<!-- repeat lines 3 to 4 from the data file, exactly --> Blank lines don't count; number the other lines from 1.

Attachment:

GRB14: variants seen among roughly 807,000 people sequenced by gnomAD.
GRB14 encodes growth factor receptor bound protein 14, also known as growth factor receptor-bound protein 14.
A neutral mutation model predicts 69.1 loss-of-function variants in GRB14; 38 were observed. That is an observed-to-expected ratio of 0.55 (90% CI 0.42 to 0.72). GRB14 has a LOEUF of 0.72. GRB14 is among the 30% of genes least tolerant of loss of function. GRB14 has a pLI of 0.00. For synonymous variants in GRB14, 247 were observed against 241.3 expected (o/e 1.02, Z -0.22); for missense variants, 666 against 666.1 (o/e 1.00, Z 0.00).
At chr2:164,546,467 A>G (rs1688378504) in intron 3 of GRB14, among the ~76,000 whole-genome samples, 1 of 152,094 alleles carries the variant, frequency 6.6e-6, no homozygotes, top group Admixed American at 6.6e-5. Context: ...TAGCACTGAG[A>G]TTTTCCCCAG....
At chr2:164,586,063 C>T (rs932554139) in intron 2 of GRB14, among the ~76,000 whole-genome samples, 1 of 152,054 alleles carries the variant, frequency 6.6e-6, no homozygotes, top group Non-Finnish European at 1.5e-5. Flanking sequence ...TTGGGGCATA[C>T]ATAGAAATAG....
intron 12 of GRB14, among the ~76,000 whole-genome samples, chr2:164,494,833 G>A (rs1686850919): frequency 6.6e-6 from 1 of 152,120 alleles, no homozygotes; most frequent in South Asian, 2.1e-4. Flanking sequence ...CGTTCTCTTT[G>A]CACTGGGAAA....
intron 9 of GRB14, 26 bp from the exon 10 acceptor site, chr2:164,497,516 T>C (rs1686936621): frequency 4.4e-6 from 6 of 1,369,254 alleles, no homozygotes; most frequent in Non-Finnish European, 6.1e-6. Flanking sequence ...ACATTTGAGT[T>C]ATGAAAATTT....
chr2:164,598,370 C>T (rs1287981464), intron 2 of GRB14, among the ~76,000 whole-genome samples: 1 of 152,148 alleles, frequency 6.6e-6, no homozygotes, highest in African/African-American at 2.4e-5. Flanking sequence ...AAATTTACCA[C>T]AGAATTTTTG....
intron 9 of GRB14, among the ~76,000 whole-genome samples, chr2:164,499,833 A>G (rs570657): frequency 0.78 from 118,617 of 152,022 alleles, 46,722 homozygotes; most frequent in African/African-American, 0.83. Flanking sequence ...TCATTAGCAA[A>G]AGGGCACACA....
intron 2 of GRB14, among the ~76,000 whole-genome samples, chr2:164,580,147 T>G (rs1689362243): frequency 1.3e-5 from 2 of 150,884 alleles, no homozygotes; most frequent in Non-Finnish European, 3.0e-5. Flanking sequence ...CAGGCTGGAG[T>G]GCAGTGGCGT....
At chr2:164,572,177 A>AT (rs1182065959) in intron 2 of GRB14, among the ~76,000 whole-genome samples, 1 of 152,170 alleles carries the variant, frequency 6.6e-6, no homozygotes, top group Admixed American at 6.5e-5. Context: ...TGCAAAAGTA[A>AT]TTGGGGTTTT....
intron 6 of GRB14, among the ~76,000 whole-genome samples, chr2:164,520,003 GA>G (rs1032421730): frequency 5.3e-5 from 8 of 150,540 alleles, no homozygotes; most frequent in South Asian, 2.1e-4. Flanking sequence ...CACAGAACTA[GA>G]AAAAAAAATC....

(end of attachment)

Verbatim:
A neutral mutation model predicts 69.1 loss-of-function variants in GRB14; 38 were observed. That is an observed-to-expected ratio of 0.55 (90% CI 0.42 to 0.72). GRB14 has a LOEUF of 0.72. GRB14 is among the 30% of genes least tolerant of loss of function. GRB14 has a pLI of 0.00. For synonymous variants in GRB14, 247 were observed against 241.3 expected (o/e 1.02, Z -0.22); for missense variants, 666 against 666.1 (o/e 1.00, Z 0.00).
At chr2:164,546,467 A>G (rs1688378504) in intron 3 of GRB14, among the ~76,000 whole-genome samples, 1 of 152,094 alleles carries the variant, frequency 6.6e-6, no homozygotes, top group Admixed American at 6.6e-5. Context: ...TAGCACTGAG[A>G]TTTTCCCCAG....